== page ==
Roy could hear people walking past the door. The sounds of the monitors, keeping watch over Riza’s and his vitals, freeing up the nurses to complete their rounds elsewhere. The familiar beep kept time with his pulse, and hers, and if they were not quite synchronized, he could almost pretend they were.
“Are you awake?” he whispered, not knowing if it was night or day.
“Yes,” her voice came back, just as soft as his. “Are you frightened?”
He’d rather bite off his own tongue than admit it, but she was asking. “Yes,” Roy murmured. His hands twisted in the hospital bedding, missing his own, softer cotton sheets. “Now that I know what a Philosopher’s Stone is.” His voice trailed off. “Am I wrong for using it?”
There was a squeaking sound, and the soft slap of feet hitting the floor. A hand took his, giving it a squeeze. Roy recognized those calloused fingers, the strength within them. “No, sir,” Riza whispered, and Roy could feel the touch of her words against his cheek. “You must have your sight to continue your mission.”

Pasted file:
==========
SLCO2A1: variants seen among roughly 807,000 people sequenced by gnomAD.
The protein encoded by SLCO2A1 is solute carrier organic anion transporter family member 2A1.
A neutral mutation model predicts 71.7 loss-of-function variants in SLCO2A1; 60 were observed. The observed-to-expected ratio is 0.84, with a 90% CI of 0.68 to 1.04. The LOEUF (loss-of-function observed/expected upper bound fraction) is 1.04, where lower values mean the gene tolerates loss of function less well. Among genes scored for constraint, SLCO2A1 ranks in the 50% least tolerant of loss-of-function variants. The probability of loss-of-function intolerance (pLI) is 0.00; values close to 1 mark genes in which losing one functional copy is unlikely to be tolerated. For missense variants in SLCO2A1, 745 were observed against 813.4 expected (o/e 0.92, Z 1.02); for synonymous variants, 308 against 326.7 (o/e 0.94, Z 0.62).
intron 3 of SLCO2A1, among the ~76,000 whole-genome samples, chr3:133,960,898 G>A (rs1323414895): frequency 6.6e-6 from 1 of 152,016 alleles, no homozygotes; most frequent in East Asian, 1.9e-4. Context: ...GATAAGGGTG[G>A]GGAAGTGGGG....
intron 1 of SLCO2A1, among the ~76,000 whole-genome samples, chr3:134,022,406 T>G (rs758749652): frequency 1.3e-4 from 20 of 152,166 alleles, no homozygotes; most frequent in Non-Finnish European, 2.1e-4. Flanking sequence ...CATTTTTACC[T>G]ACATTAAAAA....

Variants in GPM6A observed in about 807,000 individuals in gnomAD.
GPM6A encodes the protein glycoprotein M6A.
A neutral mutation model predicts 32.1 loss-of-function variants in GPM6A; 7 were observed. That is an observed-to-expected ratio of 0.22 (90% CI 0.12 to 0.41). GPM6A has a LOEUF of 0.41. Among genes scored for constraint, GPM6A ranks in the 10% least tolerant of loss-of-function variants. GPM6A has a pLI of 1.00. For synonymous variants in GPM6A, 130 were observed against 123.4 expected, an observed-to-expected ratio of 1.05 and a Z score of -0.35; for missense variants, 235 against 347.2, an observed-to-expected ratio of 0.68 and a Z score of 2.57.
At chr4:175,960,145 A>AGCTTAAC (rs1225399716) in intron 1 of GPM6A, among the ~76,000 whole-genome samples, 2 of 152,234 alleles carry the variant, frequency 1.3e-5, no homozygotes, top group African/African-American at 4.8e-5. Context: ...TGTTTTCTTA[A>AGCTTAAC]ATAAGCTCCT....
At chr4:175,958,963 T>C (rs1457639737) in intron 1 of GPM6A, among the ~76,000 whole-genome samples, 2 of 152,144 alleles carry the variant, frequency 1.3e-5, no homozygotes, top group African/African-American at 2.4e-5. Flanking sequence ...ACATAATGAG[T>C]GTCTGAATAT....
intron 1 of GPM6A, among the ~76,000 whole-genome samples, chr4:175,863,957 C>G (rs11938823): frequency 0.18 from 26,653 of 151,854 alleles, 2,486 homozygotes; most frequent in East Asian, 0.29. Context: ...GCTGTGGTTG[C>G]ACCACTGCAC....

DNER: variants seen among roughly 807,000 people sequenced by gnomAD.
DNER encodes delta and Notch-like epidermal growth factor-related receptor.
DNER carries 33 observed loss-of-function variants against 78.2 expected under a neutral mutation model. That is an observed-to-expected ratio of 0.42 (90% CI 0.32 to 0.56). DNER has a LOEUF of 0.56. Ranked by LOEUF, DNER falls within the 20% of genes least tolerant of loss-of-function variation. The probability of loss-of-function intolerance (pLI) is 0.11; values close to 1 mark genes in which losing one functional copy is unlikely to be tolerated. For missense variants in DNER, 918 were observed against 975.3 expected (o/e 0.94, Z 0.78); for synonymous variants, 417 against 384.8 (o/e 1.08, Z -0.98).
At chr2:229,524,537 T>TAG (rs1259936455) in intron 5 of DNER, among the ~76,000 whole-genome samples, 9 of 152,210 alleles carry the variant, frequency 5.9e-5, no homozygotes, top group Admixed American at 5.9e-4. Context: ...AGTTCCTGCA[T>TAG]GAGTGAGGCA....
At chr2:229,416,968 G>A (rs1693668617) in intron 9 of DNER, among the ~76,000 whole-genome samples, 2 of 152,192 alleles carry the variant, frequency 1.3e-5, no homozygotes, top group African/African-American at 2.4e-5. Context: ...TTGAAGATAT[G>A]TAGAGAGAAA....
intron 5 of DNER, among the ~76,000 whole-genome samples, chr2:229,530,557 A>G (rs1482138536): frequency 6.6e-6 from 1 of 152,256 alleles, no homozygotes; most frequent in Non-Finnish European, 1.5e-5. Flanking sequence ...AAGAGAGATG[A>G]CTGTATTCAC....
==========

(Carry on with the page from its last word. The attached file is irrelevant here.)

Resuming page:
The mission, of course. Roy dreamed for a few seconds, of what it might be like to lay it aside, let someone else take up the cause – but there was no one else who would pick it up. It was his collar to wear, and hers to walk behind him. Still, in this quiet moment, he could do this.
Picking up her hand, he pulled it to his mouth, pressing a kiss on her knuckles. “Riza,” he whispered, but before he could get farther, footsteps sounded in the hall outside.
“Colonel Mustang.” It was Dr. Marcoh’s voice. “Rise and shine, sir. I’ve come to give you back your sight.”
“Thanks.” And he set aside his dreams, again.